= Compost Bin in use
= FULL BIN DO NOT USE
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What Can I Compost?
Anything that was once living will compost, but some items are best avoided. Meat, dairy and cooked food can attract cockraches and rats and should not be placed in compost bins.
For best results, use a mixture of ingredient with equal amounts by volume of greens and browns (see below).
Some things, like grass mowings and soft young weeds, rot quickly. They work as 'activators', getting the composting started, but on their own will decay to a smelly mess.
Older and tougher plant material is slower to rot but gives body to the finished compost - and usually makes up the bulk of a compost heap. Woody items decay very slowly; they are best chopped or shredded first, where appropriate.
- Raw vegetable peelings from your kitchen
- Tea bags and leaves, coffee grounds
- Young green weed growth avoid weeds with seeds
- Soft green prunings, Comfrey leaves, Grass cuttings
- Animal manure from herbivores ONLY eg cows and horses
- Poultry manure and bedding
- Cardboard eg. cereal packets and egg boxes
- Waste paper and junk mail, including shredded confidential waste
- Cardboard tubes
- Newspaper although it is better for the environment to send your newspapers for recycling
- Bedding from vegetarian pets eg rabbits, guinea pigs, hay, straw, shredded paper, wood shavings
- Tough hedge clippings, Woody prunings, Old bedding plants, Bracken
- Sawdust, Wood shavings
3. Other compostable items - 10%
- Wood ash, in moderation
- Hair, nail clippings
- Egg shells (crushed)
- Natural fibres eg. 100% wool or cotton
Coal & coke ash
Chippendale Composting Bins Facts:
- adding carbon (table napkins, shredded paper, cardboard mulch, coffee husks, leaves) a couple of times a week or when you put in your food
- turning the compost about once a week with an auger and removing any bottles, etc
- and, of course, you're welcome to remove compost when its ready and use it in your garden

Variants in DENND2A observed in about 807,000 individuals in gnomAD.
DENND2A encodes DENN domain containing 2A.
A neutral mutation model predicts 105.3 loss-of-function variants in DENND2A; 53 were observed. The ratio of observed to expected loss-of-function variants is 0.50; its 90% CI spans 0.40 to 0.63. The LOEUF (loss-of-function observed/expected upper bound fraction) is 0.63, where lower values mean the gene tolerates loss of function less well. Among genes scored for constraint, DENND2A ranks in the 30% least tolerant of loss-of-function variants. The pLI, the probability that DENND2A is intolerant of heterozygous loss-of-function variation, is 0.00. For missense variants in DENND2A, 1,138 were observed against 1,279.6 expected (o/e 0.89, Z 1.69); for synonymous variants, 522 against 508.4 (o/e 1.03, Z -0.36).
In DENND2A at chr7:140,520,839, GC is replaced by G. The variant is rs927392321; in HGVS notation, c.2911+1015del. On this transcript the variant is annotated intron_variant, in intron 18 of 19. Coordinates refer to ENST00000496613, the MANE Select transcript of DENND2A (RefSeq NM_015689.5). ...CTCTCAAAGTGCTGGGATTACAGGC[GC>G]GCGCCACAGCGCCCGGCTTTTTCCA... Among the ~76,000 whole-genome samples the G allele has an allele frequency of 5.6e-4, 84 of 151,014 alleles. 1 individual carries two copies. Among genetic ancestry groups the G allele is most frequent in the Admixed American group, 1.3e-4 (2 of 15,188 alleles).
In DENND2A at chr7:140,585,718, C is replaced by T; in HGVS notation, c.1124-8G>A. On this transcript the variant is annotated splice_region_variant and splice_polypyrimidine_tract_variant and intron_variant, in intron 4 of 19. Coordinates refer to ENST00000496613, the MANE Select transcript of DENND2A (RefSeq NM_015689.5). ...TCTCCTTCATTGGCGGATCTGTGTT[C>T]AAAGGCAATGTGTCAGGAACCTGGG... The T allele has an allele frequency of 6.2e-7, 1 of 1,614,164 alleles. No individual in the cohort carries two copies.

We are very sad to anounce that all bins at the Pine St Creative arts centre are now gone. The Aerobins were a huge success when it came to people using it, people come from everywhere to use them and they were all well and truly overused; but they were also a huge failure because not many of us were taking care of it, so they became infested with cockroaches...
We are looking into a diffent bin, that will hopefully work better, but this time around we will need everyone's help, if you want to use it you must also take ownership of it. So to get an ideia of how many and how big bins we should be getting we are asking you all to email us on email@example.com and let us know of your interest in keeping composting your waste. we are also looking into getting composting workshops for our community, so we understand what really happens inside the bins and how to help take care of them!
Shepherd St bins:
The compost bins on Shepherd St have been filling up fast, thanks in large part to residents in the Savoy and to Maria at LMC. As a thankyou for her hard work, the first batch of rich soil has been used to support some of the ailing plants in her cafe that were in need of some new nutrition. When dealing with the bins it was great to note that the cockroaches that had plagued the first bin for a few months have finally been eradicated (either by heat or the copper sulfide), leaving all three bins free of cockies. I did a bit of digging around in the gardens aswell, and found it literally teeming with worms. I guess they love the rich soil! If we get much more compost I think we will need to dig a few more gardens to keep up.
While the majority of the Chippendale communal compost bins are out of service for the time being, we spent this sunny morning harvesting the rich, dark goodness from the Aerobin outside Cafe Guilia's on Abercrombie St.
Mike and Xavier were joined by first-time gardener Shanti, a local student with a background in sustainable design. It was her first time tackling compost and she picked it up in no time!